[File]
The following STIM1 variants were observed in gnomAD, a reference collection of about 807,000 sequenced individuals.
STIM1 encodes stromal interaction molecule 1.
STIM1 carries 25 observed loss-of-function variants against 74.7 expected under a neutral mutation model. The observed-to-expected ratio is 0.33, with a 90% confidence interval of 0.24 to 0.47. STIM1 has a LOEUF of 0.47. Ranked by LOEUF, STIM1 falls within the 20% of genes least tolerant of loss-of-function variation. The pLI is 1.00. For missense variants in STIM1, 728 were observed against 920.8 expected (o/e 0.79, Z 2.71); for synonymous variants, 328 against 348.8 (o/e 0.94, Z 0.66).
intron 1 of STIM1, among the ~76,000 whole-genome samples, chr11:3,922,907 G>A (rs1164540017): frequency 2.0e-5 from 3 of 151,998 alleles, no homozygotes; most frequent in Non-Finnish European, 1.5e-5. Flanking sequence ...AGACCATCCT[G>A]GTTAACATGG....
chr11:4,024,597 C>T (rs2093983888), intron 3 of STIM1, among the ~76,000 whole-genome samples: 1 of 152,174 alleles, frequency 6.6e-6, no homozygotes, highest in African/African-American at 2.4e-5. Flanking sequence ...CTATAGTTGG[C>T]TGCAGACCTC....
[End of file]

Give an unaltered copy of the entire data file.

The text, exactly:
The following STIM1 variants were observed in gnomAD, a reference collection of about 807,000 sequenced individuals.
STIM1 encodes stromal interaction molecule 1.
STIM1 carries 25 observed loss-of-function variants against 74.7 expected under a neutral mutation model. The observed-to-expected ratio is 0.33, with a 90% confidence interval of 0.24 to 0.47. STIM1 has a LOEUF of 0.47. Ranked by LOEUF, STIM1 falls within the 20% of genes least tolerant of loss-of-function variation. The pLI is 1.00. For missense variants in STIM1, 728 were observed against 920.8 expected (o/e 0.79, Z 2.71); for synonymous variants, 328 against 348.8 (o/e 0.94, Z 0.66).
intron 1 of STIM1, among the ~76,000 whole-genome samples, chr11:3,922,907 G>A (rs1164540017): frequency 2.0e-5 from 3 of 151,998 alleles, no homozygotes; most frequent in Non-Finnish European, 1.5e-5. Flanking sequence ...AGACCATCCT[G>A]GTTAACATGG....
chr11:4,024,597 C>T (rs2093983888), intron 3 of STIM1, among the ~76,000 whole-genome samples: 1 of 152,174 alleles, frequency 6.6e-6, no homozygotes, highest in African/African-American at 2.4e-5. Flanking sequence ...CTATAGTTGG[C>T]TGCAGACCTC....